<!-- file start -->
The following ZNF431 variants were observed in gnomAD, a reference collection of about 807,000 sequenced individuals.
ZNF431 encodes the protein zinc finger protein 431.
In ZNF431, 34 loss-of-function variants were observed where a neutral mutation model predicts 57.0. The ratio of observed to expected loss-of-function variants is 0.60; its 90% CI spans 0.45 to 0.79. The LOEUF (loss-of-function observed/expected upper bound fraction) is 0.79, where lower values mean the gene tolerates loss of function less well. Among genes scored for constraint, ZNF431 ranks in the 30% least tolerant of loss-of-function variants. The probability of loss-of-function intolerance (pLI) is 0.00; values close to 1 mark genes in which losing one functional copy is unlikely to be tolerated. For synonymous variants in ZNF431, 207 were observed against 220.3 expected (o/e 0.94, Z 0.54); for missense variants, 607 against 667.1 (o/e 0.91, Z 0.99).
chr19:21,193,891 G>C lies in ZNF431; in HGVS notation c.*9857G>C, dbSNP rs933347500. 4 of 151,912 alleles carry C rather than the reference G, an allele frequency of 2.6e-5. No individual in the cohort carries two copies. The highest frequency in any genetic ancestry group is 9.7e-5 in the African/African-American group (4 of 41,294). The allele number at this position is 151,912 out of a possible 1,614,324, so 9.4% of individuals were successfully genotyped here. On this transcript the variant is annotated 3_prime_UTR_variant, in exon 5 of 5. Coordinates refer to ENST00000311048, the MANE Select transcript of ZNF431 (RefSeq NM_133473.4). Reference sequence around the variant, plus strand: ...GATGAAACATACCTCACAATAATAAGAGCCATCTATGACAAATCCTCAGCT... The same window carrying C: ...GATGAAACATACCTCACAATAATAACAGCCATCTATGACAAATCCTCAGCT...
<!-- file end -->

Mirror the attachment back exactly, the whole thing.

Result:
The following ZNF431 variants were observed in gnomAD, a reference collection of about 807,000 sequenced individuals.
ZNF431 encodes the protein zinc finger protein 431.
In ZNF431, 34 loss-of-function variants were observed where a neutral mutation model predicts 57.0. The ratio of observed to expected loss-of-function variants is 0.60; its 90% CI spans 0.45 to 0.79. The LOEUF (loss-of-function observed/expected upper bound fraction) is 0.79, where lower values mean the gene tolerates loss of function less well. Among genes scored for constraint, ZNF431 ranks in the 30% least tolerant of loss-of-function variants. The probability of loss-of-function intolerance (pLI) is 0.00; values close to 1 mark genes in which losing one functional copy is unlikely to be tolerated. For synonymous variants in ZNF431, 207 were observed against 220.3 expected (o/e 0.94, Z 0.54); for missense variants, 607 against 667.1 (o/e 0.91, Z 0.99).
chr19:21,193,891 G>C lies in ZNF431; in HGVS notation c.*9857G>C, dbSNP rs933347500. 4 of 151,912 alleles carry C rather than the reference G, an allele frequency of 2.6e-5. No individual in the cohort carries two copies. The highest frequency in any genetic ancestry group is 9.7e-5 in the African/African-American group (4 of 41,294). The allele number at this position is 151,912 out of a possible 1,614,324, so 9.4% of individuals were successfully genotyped here. On this transcript the variant is annotated 3_prime_UTR_variant, in exon 5 of 5. Coordinates refer to ENST00000311048, the MANE Select transcript of ZNF431 (RefSeq NM_133473.4). Reference sequence around the variant, plus strand: ...GATGAAACATACCTCACAATAATAAGAGCCATCTATGACAAATCCTCAGCT... The same window carrying C: ...GATGAAACATACCTCACAATAATAACAGCCATCTATGACAAATCCTCAGCT...